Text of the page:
In a recent conversation with Erik Cagle, the Custodial Programs Manager at Penn State, whom I met at ISSA/Interclean, we discussed the benefits of carpet, how the SOA program has helped the cleaning operations at Penn State, and, of course, Nittany Lions' football.
Cagle is in charge of maintaining over 260 buildings and 14 million square feet of space on the Penn State campus. It’s quite a daunting number when you consider it, but he is very open about his appreciation of the SOA program and how it has helped Penn State.
“We used [the SOA Program] to write our own guidelines for cleaning and maintenance,” Cagle said. “If equipment or a cleaning solution is in SOA, it’s approved for us to use.”
When asked about what he likes about the program, he was concise in his answer.
“It’s good that there is a science to cleaning and that it’s not arbitrary,” he said. “It’s important for an organization like CRI to exist because they can establish standards through objectivity.”
Cagle recalls that when the green movement began, many companies would declare their products to be sustainable and effective at cleaning. However, the SOA program gives a credible certification to cleaning equipment, which helps a facility manager such as himself.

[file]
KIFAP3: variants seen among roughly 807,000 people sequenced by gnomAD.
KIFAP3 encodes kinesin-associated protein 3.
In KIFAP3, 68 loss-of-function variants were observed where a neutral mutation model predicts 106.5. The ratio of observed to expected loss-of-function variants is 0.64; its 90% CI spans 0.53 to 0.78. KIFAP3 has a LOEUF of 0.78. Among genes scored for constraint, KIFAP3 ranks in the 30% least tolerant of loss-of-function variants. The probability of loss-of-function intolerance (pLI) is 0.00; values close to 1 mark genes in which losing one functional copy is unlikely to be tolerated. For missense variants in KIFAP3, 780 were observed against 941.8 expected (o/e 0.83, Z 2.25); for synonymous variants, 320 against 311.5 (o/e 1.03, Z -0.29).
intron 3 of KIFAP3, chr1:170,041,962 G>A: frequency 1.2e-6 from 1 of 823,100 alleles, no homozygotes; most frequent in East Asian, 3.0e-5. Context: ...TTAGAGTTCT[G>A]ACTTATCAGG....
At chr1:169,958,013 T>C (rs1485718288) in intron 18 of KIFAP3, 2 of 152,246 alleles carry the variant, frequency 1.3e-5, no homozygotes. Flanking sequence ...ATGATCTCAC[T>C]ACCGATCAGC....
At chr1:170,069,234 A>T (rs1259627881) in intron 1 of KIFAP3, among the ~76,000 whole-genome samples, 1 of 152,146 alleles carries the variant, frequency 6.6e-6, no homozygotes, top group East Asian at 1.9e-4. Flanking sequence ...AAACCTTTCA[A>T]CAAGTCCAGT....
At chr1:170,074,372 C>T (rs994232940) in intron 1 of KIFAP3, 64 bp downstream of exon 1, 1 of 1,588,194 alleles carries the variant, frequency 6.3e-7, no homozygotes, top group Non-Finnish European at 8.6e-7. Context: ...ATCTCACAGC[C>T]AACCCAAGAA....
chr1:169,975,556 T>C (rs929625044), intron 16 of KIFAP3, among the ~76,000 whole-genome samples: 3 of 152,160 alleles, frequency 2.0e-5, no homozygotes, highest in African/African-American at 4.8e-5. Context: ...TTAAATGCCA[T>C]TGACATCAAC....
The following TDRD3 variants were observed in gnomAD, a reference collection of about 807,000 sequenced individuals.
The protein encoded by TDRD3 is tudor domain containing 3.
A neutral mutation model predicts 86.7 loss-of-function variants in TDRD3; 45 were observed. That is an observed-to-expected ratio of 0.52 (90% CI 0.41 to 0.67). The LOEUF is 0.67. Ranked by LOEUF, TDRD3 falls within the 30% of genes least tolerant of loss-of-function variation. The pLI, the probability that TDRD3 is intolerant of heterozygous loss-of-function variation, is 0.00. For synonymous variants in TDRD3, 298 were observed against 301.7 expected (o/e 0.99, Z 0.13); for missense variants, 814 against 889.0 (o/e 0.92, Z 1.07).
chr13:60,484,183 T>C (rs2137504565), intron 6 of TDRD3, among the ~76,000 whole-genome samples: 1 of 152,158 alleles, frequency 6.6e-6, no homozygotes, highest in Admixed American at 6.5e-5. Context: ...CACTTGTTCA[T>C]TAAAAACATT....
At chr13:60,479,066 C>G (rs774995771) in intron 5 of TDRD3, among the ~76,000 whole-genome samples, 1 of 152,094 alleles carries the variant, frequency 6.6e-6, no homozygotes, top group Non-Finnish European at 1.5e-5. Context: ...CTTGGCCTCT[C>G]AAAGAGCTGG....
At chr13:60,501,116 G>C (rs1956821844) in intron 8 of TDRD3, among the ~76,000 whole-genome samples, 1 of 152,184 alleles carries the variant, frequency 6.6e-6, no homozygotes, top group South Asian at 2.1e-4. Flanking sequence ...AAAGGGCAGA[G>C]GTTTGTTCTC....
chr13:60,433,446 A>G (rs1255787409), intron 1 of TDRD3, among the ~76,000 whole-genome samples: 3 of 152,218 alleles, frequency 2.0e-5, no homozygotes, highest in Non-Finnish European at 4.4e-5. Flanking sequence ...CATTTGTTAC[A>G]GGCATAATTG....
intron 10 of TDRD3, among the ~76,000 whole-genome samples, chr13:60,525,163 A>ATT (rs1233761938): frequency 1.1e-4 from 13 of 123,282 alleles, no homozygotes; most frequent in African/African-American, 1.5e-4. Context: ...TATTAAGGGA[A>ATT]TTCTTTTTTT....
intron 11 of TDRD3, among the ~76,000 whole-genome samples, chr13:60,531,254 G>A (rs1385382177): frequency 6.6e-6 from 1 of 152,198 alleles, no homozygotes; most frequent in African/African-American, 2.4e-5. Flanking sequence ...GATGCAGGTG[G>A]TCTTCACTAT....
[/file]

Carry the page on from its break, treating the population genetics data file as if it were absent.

He sees major benefits in using carpet and encourages its use on the Penn State campus. He believes the biggest benefit of carpet is in indoor air quality, which is an important issue to him when you consider the size of the space and number of people who occupy the buildings on Penn State’s campus.
“We have 40-50,000 students and faculty and staff in our buildings each day. Carpet acts as a sink to keep dust from recirculating into their breathing zone,” Cagle said.
CRI is always happy to hear about how the Seal of Approval program has helped people, businesses and organizations keep their facilities clean.